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UNITED NATIONS v. PARTON

United States District Court for the District of Columbia


May 16, 2005.

UNITED NATIONS on behalf of the INDEPENDENT INQUIRY COMMITTEE INTO THE UNITED NATIONS OIL-FOR-FOOD PROGRAM, Plaintiff,
v.
ROBERT H. PARTON, Defendant.

The opinion of the court was delivered by: RICARDO URBINA, District Judge

GRANTING THE PLAINTIFF'S EMERGENCY MOTION

On May 9, 2005, the United Nations ("UN"), acting on behalf of the Independent Inquiry Committee into the United Nations Oil-for-Food Program ("IIC"), requested emergency injunctive relief to prevent former IIC investigator, Robert H. Parton, from responding to congressional subpoenas requiring testimony and the production of documents that Parton allegedly took from the UN. The parties reached a compromise that day and consented to the court entering an order enjoining the defendant from disclosing information that he obtained in the course of his work for the IIC.*fn1

Hovering over this case is a political storm the court would rather not enter, a precarious competition by various committees, congressional and otherwise, to figure out exactly what happened at the UN's controversial Oil-for-Food Program. See generally Pl.'s Mot. for T.R.O., Decl. of Susan M. Ringler ΒΆΒΆ 4-16 (discussing efforts to investigate allegations of impropriety at the Oil-for Food Program).

  The politics of the moment notwithstanding, the court must now address the plaintiff's emergency motion to modify the temporary restraining order to allow the plaintiff access to and inspection of the materials that the defendant allegedly took from the UN and provided to the House International Relations Committee ("HIRC").*fn2 Pl.'s Emergency Mot. ("Pl.'s Mot.") at 1. Such a request would typically resolve itself through discovery,*fn3 but the plaintiff wants this relief immediately so that it can see exactly what the defendant has taken from the plaintiff and, more importantly, whether the plaintiff needs to notify confidential informants, "including residents of a highly volatile part of the world," that their identities may be revealed. Id.

  As authority for its request, the plaintiff cites to the court's equitable powers "to do what is necessary and appropriate to achieve justice in the individual case." Id. at 3 (quoting Friends for All Children, Inc. v. Lockheed Aircraft Corp., 746 F.2d 816, 830 (D.C. Cir. 1984)). The defendant responds that the materials at issue do not contain information that jeopardizes the safety of any sources (and thus, that the plaintiff will suffer no harm if the court denies the relief the plaintiff requests), that the HIRC (to whom the plaintiff provided a copy of the materials) has agreed to protect all sensitive information, and that the plaintiff is attempting "to gather discovery without following the rules or any order of this court." Def.'s Opp'n at 4-5, 7.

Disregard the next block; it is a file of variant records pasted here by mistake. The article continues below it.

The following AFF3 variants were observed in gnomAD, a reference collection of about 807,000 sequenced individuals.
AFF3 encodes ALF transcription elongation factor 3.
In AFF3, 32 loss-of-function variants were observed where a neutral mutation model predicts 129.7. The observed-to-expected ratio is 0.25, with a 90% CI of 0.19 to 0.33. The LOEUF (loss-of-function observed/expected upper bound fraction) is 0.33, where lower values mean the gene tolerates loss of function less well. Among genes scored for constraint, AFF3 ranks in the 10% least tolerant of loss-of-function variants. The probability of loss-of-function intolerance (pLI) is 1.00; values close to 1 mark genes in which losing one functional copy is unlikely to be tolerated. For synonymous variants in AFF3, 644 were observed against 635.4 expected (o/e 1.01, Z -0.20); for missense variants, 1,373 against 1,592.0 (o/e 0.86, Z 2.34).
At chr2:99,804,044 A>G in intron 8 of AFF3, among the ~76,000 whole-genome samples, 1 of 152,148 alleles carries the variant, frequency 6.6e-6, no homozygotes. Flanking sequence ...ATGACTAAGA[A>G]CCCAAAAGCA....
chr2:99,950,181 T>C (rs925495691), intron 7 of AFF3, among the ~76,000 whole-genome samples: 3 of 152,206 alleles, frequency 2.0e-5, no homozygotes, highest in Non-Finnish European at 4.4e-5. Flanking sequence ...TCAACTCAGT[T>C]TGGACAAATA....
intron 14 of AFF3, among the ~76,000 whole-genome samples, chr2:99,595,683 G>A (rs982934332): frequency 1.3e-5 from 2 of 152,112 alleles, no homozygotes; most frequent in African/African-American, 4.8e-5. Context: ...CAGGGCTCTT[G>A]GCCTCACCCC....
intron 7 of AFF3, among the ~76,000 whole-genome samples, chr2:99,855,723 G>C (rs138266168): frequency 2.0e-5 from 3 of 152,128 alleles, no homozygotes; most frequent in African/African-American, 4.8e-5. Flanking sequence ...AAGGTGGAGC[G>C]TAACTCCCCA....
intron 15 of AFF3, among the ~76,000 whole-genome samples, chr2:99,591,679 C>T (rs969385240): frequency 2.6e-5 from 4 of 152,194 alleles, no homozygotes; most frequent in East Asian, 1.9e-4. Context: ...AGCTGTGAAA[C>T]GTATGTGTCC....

As to the defendant's first two arguments, the court finds instructive the plaintiff's comment that

[i]t is simply not enough to say, "don't worry, the investigator who falsely told the IIC that he was not removing confidential material, who breached his confidentiality agreement, who took no steps to inform the IIC of the HIRC's subpoenas, and who negotiated an agreement with the HIRC that fully protects his interests (but not the IIC's), has assured us that we need not be concerned."
Pl.'s Reply at 3. Without taking a position on those assertions, the court believes that the UN is indeed the party best suited to provide assurances to the international community and to the sources in its investigations. Whatever the defendant and his counsel may be able to declare in an affidavit or state in an agreement with a third party, such gestures are inadequate substitutes for the thorough review of the materials that the plaintiff needs to conduct to determine how best to proceed. The court takes very seriously the plaintiff's claim that the lives and safety of certain IIC witnesses may be at risk, e.g., Pl.'s Mot. for T.R.O. at 3, and there is no time left for the parties to work out an arrangement with the HIRC for viewing the HIRC's copies of the documents,*fn4 assuming that such a review would even suffice, see Pl.'s Reply at 4.

  Finally, with regard to the defendant's argument that the plaintiff is sidestepping discovery, the court acknowledges that the plaintiff's request is unusual. But the facts of this rapidly evolving case are quite unusual, and the court has yet to see any reason to delay providing the relief the plaintiff seeks. The court continues to hope that the parties informally and efficiently resolve this case without further judicial intervention.*fn5 As to the instant motion, however, it is this 16th day of May, 2005,

  ORDERED that, by no later than 12:00 p.m. on Tuesday, May 16, 2005, the defendant shall provide the plaintiff the opportunity to inspect and copy all materials that the defendant allegedly copied, removed or otherwise (directly or indirectly) obtained from the IIC; and it is

  FURTHER ORDERED that the temporary restraining order in this case is modified to allow for the above inspection and copying.

  SO ORDERED.


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